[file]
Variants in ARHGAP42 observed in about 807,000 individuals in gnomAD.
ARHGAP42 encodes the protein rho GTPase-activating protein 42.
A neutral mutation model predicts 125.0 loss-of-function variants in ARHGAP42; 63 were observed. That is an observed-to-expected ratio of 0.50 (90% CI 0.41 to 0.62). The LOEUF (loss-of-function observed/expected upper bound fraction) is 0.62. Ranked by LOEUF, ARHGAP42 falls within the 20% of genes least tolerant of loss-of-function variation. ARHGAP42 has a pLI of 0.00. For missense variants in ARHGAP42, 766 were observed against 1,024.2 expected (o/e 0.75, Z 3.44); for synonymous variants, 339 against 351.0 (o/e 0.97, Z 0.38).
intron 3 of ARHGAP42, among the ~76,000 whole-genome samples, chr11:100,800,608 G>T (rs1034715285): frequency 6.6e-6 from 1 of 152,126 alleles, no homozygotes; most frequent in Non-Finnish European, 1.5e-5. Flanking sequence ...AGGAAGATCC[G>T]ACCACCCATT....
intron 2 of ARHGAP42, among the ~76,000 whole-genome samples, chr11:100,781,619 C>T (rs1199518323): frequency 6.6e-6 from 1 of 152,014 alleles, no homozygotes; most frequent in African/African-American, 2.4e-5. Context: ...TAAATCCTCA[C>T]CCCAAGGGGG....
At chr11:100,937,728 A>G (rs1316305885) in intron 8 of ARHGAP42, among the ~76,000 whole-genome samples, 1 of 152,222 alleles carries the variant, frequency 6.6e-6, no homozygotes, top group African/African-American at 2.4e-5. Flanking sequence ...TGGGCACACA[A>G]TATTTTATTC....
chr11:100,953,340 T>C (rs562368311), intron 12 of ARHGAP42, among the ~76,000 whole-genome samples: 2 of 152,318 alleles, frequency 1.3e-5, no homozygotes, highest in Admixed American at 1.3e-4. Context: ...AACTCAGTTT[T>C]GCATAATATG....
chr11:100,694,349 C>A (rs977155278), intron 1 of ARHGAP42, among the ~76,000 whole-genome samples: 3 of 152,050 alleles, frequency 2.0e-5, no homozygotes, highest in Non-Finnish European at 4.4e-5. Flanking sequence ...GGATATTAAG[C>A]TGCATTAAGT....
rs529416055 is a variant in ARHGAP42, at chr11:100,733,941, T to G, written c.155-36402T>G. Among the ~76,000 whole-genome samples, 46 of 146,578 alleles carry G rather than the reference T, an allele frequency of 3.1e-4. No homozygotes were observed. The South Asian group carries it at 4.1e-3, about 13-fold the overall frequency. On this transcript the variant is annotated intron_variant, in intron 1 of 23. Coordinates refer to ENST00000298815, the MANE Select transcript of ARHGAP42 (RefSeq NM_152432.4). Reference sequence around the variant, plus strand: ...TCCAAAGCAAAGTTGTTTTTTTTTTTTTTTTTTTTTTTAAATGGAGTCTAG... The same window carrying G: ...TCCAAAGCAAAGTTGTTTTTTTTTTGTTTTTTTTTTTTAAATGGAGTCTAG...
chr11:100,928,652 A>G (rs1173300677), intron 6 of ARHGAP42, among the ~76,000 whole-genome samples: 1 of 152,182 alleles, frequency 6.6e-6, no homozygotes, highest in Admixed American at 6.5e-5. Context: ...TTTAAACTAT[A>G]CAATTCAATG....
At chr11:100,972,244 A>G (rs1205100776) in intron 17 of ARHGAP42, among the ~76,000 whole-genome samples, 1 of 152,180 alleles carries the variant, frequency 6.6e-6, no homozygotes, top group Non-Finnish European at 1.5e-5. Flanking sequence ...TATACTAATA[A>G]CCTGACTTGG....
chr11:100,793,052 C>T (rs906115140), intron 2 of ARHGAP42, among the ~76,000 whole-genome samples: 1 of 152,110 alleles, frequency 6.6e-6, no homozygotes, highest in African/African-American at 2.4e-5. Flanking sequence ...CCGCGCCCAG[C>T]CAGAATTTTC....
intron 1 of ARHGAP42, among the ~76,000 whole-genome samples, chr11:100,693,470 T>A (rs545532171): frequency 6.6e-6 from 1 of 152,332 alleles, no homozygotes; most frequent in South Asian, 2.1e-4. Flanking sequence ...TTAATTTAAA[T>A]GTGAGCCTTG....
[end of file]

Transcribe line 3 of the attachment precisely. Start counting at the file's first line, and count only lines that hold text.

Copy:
A neutral mutation model predicts 125.0 loss-of-function variants in ARHGAP42; 63 were observed. That is an observed-to-expected ratio of 0.50 (90% CI 0.41 to 0.62). The LOEUF (loss-of-function observed/expected upper bound fraction) is 0.62. Ranked by LOEUF, ARHGAP42 falls within the 20% of genes least tolerant of loss-of-function variation. ARHGAP42 has a pLI of 0.00. For missense variants in ARHGAP42, 766 were observed against 1,024.2 expected (o/e 0.75, Z 3.44); for synonymous variants, 339 against 351.0 (o/e 0.97, Z 0.38).